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Note -- you have reached the original website. Thanks very much for visiting. Logo contact information has been updated (i.e. we moved to Taos, NM) as below:

Willis Greiner
12 Rabbit Valley Road / P.O. Box 1515
El Prado, NM 87529
303-903-8996 or 575-758-3670

You may also want to visit Willis' new astronomy site at:

Welcome to "Under the Night Sky",
the newsletter!

Willis Greiner's "Under the Night Sky"

Third edition


Welcome to the third edition of newsletter! I have been very remiss as to these supposedly semi-regular updates; I notice that the last one was written in April. I'm truly sorry.

On the astronomical front, I have been somewhat active recently. I'm not sure if it's obvious from the web site, but I tend to take photographs in bunches as opposed to in some sort of orderly and steady fashion. I suppose I observe in much the same way. This is a shame, as the nighttime sky always has so much to offer. Also, I believe it may be misinterpreted that I might regularly or even nightly find myself beside the telescope or computer rigorously taking dozens of photos of the heavens. I really wish this was so, but the sad fact is that it is not. My present goal is to establish a permanent observatory in my neighborhood; I'm hoping that the community will accept a proposal to build a small platform and domed permanent observatory which might house the ever-burgeoning electronic gear and astronomical equipment so set-up won't be so tiresome and time-consuming. It could be an excellent asset to the community as well.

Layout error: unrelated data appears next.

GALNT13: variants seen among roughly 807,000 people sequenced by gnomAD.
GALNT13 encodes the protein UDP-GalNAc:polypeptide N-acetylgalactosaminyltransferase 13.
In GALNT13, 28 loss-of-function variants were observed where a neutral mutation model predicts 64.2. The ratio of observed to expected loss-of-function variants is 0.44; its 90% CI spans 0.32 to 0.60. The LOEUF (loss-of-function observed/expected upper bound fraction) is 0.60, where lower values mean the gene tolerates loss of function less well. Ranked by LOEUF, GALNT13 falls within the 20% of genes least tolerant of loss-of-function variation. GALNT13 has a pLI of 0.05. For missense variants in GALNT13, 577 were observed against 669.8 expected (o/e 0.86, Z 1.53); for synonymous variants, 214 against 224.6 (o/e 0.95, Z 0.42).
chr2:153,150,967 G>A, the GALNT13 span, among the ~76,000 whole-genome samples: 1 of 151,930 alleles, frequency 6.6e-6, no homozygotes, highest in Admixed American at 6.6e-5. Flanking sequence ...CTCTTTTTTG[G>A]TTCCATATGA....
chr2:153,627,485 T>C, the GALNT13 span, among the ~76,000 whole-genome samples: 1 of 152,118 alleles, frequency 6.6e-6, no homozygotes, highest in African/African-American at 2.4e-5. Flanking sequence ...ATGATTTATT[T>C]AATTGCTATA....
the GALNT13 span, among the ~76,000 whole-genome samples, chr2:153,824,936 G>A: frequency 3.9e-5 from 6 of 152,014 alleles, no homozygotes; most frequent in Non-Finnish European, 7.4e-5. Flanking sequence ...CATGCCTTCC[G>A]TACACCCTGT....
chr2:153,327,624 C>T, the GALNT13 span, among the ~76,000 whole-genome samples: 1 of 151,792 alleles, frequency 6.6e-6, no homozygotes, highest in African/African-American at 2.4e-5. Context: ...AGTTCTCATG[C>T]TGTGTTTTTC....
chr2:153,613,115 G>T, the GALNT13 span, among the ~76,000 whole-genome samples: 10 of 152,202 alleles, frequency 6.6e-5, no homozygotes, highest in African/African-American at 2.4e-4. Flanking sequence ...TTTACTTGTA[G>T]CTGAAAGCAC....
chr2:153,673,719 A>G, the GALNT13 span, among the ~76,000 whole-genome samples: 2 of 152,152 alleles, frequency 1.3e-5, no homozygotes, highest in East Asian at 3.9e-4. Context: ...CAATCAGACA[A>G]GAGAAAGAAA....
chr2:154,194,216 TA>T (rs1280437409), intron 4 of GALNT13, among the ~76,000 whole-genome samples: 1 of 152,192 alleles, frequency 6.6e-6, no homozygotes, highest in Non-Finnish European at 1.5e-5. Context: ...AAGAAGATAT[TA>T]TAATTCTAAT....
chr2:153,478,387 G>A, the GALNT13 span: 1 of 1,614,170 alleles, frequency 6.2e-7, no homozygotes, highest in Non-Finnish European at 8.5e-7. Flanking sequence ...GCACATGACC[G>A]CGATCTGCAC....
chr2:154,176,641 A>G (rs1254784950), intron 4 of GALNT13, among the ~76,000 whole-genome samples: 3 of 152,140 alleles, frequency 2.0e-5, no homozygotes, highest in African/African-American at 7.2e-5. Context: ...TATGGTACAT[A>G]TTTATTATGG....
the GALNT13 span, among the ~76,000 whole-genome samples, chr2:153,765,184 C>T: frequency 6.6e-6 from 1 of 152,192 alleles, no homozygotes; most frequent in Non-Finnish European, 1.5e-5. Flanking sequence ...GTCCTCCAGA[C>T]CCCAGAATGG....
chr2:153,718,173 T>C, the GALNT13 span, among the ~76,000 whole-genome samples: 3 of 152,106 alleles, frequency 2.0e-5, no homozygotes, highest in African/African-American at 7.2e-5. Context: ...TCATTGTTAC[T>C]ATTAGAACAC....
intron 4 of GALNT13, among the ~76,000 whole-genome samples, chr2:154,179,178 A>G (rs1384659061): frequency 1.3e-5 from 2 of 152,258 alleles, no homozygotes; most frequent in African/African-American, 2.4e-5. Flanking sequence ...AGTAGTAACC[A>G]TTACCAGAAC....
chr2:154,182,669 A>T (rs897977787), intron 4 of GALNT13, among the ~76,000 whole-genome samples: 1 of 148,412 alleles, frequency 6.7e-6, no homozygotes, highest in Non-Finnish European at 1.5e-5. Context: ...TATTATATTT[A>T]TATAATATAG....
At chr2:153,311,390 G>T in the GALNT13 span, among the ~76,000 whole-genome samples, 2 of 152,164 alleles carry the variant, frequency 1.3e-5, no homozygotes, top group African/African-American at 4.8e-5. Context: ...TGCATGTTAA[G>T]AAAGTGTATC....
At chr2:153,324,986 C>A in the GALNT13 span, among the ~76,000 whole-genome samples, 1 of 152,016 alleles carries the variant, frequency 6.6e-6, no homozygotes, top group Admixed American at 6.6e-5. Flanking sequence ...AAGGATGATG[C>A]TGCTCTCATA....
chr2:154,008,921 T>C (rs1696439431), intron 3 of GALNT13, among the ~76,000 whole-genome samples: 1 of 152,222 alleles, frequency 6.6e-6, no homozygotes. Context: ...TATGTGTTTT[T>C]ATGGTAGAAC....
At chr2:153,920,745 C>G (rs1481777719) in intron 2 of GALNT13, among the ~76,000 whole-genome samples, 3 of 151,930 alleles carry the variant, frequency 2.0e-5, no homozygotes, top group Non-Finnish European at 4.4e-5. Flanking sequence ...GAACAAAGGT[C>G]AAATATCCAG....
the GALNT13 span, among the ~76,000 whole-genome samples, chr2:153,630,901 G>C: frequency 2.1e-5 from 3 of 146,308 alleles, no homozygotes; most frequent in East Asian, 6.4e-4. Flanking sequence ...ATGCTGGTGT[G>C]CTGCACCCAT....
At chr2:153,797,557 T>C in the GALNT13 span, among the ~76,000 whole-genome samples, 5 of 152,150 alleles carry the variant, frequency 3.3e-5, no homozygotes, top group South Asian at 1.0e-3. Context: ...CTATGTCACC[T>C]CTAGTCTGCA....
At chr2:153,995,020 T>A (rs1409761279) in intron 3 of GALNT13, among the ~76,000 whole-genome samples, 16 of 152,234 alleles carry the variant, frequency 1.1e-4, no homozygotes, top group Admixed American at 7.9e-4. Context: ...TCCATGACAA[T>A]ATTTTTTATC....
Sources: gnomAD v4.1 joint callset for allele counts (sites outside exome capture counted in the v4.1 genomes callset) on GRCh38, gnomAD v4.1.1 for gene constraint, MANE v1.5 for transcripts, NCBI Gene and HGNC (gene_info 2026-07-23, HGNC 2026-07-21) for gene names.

Is it possible that all of this technology has moved us away from the basics of observing as opposed to closer to them? I think so. I've written about this previously on, but also have an update here concerning the joy of "just" observing with a group of friends.

Last year I purchased one of those point-and-shoot-aim-itself Meade 3.5-inch telescopes. I wondered at the time why -- perhaps I was just intoxicated by the gimmickry of a self-pointing telescope -- or maybe there was a "larger" reason. As I have been a rafter and river floater for many years, I outfitted the telescope with a waterproof case, etc. (As it turns out, I've given this rig the ultimate test. During an unfortunate "incident" on the Green River last fall, I can attest to the absolute water-proofness of this case. The telescope was literally underwater for 5 minutes!) Anyway, I now bring this rig down the river, and break it out at remote (and dark!) wilderness desert camps along the riverway. What an absolute joy it is to introduce the sky to interested newcomers! We move from object to object rather effortlessly while I (possessed with the gift of gab, if you didn't already notice) pontificate on the various clusters and nebulae. The hand-controller database even has interesting factoids about the objects to add to the babble factor.